Type 2 diabetes can leave you at an increased risk of developing some dental health problems as the condition impairs your white blood cells, which would normally defend your mouth against many of the harmful effects of bacteria.
Understanding how diabetes can impact on your oral health will allow you to look out for specific problems when cleaning your teeth, and seeking early treatment can prevent the need for antibiotics and reduce the risk of tooth loss. Here's and overview of common dental health problems associated with type 2 diabetes.
Gum disease can occur when your white blood cells are unable to control the amount of bacteria in your mouth, and typical symptoms include bleeding gums, localised swelling, receding gums, and bad breath. An overgrowth of bacteria triggers an inflammatory reaction in the soft tissue of your gums and creates an environment that's perfect for plaque formation.
Additionally, diabetics tend to have problems with their circulation due to thickened blood vessels, so blood flow to your mouth may be reduced. This can contribute to the development of gum disease by impairing your mouth's ability to heal or fight off infections as it's harder to access the nutrients in your blood.
Saliva plays an important role in your oral health as it's alkaline and creates a hostile environment for bacteria. Both type 2 diabetes and some medications used to treat the condition can leave you with a dry mouth, which creates an acidic environment. When your mouth is too acidic, you're at an increased risk of developing ulcers and tooth decay. Additionally, as the acid wears down your tooth enamel and creates tiny holes your teeth, bacteria can reach the roots and pulp of your teeth and leave you with abscesses.
Impaired white blood cells can also put you at risk of developing oral thrush as your immune system can't fight off the fungus responsible for the condition. Your risk increases even more if your blood sugar levels aren't well-controlled as the sugar levels in your saliva can spike and fungus feeds on sugar. Oral thrush causes white patches of candida fungus to grow on your tongue, gums and back of your throat. It can make chewing and swallowing painful and the soft tissues of your mouth may bleed when you brush your teeth.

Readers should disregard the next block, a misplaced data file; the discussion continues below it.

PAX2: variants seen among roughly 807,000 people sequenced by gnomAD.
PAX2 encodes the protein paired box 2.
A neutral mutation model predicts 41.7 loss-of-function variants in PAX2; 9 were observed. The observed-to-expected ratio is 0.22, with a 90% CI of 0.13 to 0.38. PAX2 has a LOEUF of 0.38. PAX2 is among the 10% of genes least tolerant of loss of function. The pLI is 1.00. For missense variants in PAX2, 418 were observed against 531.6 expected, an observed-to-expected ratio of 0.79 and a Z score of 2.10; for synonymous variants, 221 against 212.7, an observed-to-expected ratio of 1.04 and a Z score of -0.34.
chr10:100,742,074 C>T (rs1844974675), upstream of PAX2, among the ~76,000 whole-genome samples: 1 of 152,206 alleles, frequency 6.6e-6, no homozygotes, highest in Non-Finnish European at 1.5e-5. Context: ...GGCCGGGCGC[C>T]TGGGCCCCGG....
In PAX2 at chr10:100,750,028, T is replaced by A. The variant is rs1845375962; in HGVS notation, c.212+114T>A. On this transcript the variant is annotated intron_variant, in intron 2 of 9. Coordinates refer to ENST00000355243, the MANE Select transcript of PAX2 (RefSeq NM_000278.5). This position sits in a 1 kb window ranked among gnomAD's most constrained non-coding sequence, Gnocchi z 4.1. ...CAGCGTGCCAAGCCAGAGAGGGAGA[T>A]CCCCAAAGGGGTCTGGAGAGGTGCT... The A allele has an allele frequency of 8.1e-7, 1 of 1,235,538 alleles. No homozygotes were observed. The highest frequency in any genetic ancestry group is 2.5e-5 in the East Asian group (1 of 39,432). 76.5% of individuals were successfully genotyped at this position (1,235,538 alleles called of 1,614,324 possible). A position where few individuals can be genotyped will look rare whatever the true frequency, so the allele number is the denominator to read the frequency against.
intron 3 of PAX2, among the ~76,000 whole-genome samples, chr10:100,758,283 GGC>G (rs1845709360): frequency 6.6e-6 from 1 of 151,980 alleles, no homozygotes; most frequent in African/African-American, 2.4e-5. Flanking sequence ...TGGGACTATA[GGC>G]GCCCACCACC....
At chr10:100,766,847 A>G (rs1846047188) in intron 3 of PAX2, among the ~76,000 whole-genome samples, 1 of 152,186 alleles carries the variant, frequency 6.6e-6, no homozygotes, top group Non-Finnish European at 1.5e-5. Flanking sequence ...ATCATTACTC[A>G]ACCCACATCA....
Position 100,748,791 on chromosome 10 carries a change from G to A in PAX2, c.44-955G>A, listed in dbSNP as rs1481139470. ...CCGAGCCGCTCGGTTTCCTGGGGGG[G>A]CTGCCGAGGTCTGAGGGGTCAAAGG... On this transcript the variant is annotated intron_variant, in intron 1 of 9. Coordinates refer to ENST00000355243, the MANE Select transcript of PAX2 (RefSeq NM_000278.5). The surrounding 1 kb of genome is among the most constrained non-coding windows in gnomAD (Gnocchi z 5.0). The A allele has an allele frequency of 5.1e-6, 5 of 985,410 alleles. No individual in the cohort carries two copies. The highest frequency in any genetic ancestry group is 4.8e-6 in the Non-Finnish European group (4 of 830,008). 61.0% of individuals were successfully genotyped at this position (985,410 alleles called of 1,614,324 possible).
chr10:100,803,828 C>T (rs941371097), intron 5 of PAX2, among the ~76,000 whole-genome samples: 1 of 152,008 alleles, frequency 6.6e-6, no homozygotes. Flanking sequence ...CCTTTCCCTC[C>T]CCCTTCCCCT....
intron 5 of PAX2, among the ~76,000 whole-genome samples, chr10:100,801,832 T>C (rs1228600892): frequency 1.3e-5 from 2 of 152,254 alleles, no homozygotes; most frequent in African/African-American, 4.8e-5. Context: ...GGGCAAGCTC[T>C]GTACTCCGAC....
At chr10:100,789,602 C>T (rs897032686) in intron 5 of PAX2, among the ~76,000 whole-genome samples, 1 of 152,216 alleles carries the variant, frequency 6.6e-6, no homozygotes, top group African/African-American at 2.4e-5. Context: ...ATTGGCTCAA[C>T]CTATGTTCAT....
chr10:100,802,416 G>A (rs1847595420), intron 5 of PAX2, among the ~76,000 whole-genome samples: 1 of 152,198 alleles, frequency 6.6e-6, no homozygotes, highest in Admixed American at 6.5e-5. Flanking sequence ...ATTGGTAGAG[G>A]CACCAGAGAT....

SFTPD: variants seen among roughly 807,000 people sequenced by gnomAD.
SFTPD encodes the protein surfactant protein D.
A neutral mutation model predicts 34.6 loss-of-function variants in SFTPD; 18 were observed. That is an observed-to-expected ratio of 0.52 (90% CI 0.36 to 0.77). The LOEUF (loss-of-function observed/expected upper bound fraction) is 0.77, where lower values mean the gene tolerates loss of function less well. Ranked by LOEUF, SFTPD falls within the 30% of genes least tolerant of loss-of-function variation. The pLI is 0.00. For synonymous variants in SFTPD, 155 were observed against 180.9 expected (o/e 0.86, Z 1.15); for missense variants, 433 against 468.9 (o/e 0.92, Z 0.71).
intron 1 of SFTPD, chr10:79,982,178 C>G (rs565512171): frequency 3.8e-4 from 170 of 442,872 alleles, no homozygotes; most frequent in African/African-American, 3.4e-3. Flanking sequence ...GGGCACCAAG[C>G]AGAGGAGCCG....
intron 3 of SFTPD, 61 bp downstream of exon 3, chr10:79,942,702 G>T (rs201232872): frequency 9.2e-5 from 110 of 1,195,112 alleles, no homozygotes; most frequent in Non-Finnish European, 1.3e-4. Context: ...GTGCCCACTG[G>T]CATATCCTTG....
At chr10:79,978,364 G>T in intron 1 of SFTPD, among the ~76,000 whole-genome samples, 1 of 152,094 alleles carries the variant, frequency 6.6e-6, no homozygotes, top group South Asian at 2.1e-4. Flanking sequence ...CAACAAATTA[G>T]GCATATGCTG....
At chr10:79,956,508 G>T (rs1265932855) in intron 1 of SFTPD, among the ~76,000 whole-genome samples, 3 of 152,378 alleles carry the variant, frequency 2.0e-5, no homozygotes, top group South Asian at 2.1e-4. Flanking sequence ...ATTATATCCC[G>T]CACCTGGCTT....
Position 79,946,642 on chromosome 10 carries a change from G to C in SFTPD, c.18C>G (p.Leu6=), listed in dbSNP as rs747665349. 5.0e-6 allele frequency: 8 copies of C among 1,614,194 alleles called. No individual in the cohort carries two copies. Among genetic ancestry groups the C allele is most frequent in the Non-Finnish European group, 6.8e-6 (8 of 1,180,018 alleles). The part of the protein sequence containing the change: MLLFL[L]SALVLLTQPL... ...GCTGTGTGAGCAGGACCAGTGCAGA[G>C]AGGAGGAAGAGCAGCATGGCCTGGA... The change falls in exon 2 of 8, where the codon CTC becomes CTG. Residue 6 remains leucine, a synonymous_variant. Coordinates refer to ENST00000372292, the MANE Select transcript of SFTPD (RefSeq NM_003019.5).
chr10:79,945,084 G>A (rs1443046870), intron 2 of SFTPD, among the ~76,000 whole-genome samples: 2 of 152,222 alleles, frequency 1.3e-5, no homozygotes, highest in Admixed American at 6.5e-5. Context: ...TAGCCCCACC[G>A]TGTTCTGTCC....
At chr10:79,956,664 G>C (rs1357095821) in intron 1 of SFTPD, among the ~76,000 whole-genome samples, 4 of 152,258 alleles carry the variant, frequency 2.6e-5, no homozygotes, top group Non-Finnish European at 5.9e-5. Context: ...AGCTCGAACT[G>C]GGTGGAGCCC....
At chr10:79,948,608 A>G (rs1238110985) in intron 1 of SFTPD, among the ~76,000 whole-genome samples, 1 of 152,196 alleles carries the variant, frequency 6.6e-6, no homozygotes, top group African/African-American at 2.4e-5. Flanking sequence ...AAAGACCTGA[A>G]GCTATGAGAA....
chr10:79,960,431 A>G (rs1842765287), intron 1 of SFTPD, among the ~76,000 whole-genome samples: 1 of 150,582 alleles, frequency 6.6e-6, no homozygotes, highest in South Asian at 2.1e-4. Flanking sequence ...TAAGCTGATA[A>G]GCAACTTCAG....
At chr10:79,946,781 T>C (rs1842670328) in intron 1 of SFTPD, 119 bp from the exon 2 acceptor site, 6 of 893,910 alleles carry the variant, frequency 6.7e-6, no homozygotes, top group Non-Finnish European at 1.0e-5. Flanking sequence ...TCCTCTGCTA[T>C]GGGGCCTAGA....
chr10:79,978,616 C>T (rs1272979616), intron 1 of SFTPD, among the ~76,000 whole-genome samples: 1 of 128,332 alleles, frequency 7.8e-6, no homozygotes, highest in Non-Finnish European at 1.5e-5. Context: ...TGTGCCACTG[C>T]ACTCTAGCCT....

Regular dental check-ups can allow common dental health problems to be detected and treated before permanent damage is done to your teeth or gums. If you're overdue a check-up or are concerned about the impact of type 2 diabetes on your dental health, schedule an appointment with your dentist as soon as possible.Share
13 August 2015
Miranda Raff here. My brother is a stressed-out dental student, so I'm starting this blog on his behalf. I work in a travel agency and my brother is mortified by the number of dental tourism stories I bring home. I book short holidays for people who seem as though they are going to enjoy some relaxation in an exotic country, only to learn that they plan to have cheap dental procedures. Whilst there are good dentists in developing countries, according to my brother, the complex procedures these people plan to have simply can't be finished in such a limited time. This blog is an attempt to inform you about the high skill levels and advanced technology found in Australian dental surgeries. New techniques are being developed every year and Australian dentists are at the forefront of offering these solutions. I really hope this blog helps you to appreciate our dentists.